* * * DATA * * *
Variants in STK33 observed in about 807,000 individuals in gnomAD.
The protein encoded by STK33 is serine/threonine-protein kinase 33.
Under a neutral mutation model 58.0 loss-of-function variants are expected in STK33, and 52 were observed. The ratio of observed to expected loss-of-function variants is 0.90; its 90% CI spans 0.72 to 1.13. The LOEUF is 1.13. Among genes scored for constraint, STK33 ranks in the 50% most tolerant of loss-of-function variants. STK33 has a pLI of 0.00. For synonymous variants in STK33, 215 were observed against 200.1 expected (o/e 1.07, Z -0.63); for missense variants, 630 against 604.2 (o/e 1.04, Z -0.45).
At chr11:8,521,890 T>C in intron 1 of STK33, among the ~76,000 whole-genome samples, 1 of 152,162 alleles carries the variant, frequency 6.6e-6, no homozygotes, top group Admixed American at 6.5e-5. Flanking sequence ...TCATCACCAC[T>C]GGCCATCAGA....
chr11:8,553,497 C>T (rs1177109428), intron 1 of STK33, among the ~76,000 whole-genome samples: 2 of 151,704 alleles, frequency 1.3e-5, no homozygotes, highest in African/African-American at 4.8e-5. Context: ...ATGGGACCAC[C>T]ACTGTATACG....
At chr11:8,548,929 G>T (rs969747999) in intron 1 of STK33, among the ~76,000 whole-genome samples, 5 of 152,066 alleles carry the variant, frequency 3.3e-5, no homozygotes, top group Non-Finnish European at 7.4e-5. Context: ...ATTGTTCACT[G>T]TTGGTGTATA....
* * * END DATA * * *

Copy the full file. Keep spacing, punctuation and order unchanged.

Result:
Variants in STK33 observed in about 807,000 individuals in gnomAD.
The protein encoded by STK33 is serine/threonine-protein kinase 33.
Under a neutral mutation model 58.0 loss-of-function variants are expected in STK33, and 52 were observed. The ratio of observed to expected loss-of-function variants is 0.90; its 90% CI spans 0.72 to 1.13. The LOEUF is 1.13. Among genes scored for constraint, STK33 ranks in the 50% most tolerant of loss-of-function variants. STK33 has a pLI of 0.00. For synonymous variants in STK33, 215 were observed against 200.1 expected (o/e 1.07, Z -0.63); for missense variants, 630 against 604.2 (o/e 1.04, Z -0.45).
At chr11:8,521,890 T>C in intron 1 of STK33, among the ~76,000 whole-genome samples, 1 of 152,162 alleles carries the variant, frequency 6.6e-6, no homozygotes, top group Admixed American at 6.5e-5. Flanking sequence ...TCATCACCAC[T>C]GGCCATCAGA....
chr11:8,553,497 C>T (rs1177109428), intron 1 of STK33, among the ~76,000 whole-genome samples: 2 of 151,704 alleles, frequency 1.3e-5, no homozygotes, highest in African/African-American at 4.8e-5. Context: ...ATGGGACCAC[C>T]ACTGTATACG....
At chr11:8,548,929 G>T (rs969747999) in intron 1 of STK33, among the ~76,000 whole-genome samples, 5 of 152,066 alleles carry the variant, frequency 3.3e-5, no homozygotes, top group Non-Finnish European at 7.4e-5. Context: ...ATTGTTCACT[G>T]TTGGTGTATA....